Q&A: Chris Cosentino and recipe

The meat-loving chef shares his omnivore’s delight


As executive chef of San Francisco’s Incanto restaurant, Chris Cosentino is also the co-creator of Boccalone Salumeria and a leading expert on offal cookery. He has appeared on Food Network’s Next Iron Chef America and Chefs vs. City, and debuted PIGG, a pork concept at Umamicatessen in collaboration with SBE Entertainment. His first cookbook, Beginnings, from Williams-Sonoma and Olive Press Books, launched last month.  

Why the offal direction at Incanto?

I chose to cook offal cuts because it was the right thing to do; giving respect to the animal by using all it has to offer. It is the sustainable way to eat meat. I am cooking peasant Italian food, which is based on those cuts of meat. These cuts need to shine and I wanted to help bring them back into favour again.   

I see you have about 119,000 Twitter followers. How important is social media to you and why?

I feel that social media gives the guests a direct connection with the chef. You hear what the chef is thinking and see what type of food they are cooking that day. I find that it allows my ideas and food to reach so many more people each day.  

What’s in your cookbook library?

I have more than 1,500 cookbooks and they are all very important. I just recently got a copy of Cassell’s New Universal Cookery Book. It’s from 1901 and from Alan Davidson’s library. Then, there is the Joe Beef cookbook, a must-have for everyone; it’s all about a way of life and [chefs David McMillan and Frédéric Morin’s] thoughts on food. 

Incanto (1550 Church St., San Francisco, Calif.; 415-641-4500)


Recipe: Bucatini All’ Amatriciana

Serves 4 to 6

3 tablespoons extra-virgin olive oil

4 ounces Boccalone guanciale, sliced, cut into 1”x1/4” strips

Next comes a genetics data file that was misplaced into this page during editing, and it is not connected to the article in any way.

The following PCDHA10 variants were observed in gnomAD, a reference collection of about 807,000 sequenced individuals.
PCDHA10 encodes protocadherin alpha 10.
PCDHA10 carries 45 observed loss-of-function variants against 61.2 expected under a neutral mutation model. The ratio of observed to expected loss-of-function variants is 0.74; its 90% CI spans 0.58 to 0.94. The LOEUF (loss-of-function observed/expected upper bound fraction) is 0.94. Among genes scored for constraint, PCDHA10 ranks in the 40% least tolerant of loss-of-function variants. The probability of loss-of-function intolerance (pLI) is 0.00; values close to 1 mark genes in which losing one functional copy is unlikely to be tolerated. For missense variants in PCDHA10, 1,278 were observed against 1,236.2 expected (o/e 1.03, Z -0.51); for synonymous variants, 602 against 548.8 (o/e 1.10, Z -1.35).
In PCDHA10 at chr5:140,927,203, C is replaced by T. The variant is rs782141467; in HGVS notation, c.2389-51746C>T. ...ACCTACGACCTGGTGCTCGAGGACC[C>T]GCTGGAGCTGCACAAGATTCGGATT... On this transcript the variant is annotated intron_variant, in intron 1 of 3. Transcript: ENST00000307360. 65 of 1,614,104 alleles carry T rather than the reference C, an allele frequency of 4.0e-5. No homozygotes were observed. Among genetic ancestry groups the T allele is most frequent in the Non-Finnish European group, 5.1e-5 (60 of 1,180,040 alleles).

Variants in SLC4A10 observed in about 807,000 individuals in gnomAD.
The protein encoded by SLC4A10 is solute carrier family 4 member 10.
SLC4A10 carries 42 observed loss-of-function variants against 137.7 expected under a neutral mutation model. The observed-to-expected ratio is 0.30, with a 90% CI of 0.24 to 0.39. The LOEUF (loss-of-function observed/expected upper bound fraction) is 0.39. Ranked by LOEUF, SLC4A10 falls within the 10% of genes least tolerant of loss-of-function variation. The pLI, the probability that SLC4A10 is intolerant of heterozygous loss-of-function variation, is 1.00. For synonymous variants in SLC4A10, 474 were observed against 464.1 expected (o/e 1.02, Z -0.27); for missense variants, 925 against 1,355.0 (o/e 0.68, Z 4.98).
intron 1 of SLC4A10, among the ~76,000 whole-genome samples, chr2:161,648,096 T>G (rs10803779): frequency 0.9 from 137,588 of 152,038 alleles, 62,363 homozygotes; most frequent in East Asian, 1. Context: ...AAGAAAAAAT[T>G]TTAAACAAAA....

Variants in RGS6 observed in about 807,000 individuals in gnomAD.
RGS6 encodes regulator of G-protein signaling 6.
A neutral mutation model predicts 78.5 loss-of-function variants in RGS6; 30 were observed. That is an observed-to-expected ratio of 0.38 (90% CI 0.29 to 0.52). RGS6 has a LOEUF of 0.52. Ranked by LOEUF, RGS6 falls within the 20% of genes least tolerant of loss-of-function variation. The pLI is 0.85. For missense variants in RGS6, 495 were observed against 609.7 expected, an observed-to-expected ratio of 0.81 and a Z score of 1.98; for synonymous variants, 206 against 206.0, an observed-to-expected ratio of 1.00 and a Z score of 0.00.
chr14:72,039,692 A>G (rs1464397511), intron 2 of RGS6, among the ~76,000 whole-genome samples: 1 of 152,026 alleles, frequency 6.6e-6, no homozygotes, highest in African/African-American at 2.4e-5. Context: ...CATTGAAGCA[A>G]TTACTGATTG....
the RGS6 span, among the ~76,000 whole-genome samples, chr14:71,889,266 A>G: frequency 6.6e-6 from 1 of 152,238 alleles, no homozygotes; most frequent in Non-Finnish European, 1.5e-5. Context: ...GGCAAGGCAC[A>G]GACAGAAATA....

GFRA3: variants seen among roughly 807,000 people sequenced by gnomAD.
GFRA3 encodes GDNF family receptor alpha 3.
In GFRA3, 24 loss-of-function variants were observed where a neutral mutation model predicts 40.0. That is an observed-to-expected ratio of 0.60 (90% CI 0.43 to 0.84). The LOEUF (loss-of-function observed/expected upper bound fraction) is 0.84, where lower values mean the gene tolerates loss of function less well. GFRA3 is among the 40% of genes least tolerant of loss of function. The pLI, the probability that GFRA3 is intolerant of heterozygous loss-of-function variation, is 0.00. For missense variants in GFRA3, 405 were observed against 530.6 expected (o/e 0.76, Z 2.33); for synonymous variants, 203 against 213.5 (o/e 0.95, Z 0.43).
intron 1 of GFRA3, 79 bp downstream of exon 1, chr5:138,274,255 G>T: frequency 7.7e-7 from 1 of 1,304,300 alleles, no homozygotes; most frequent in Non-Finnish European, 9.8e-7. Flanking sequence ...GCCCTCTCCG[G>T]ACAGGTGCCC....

1 cup red onion, julienned

1 garlic clove, peeled

1 1-inch dried peperoncino or 1/4 teaspoon dried crushed red pepper

2 tablespoons red wine

3 cups crushed San Marzano tomatoes

12 ounces bucatini

3/4 cup freshly grated Pecorino Romano cheese

  1. Bring a large pot of water to boil.
  2. Heat oil in a large heavy skillet over medium-low heat. Add the guanciale and sauté until it starts to brown. Add onion and sauté until onion is translucent and the fat has rendered from guanciale, about 10 minutes. Add the garlic and peperoncino and sauté until peperoncino darkens, about 2 minutes.
  3. Deglaze the pan with the red wine and cook for one minute. Add the tomatoes and simmer for 6 minutes, until the liquid cooks off and the sauce darkens to a deep rich red. Season sauce with salt and pepper to taste.
  4. Meanwhile, cook pasta in large pot of boiling salted water until just tender but still firm to bite. Drain pasta, reserving 1/2 cup of cooking liquid. Return the pasta to same pot.
  5. Add tomato sauce and cheese to the pasta and toss, adding some of reserved pasta cooking liquid if it seems dry. Season to taste with salt and pepper. Transfer pasta to bowl and serve.
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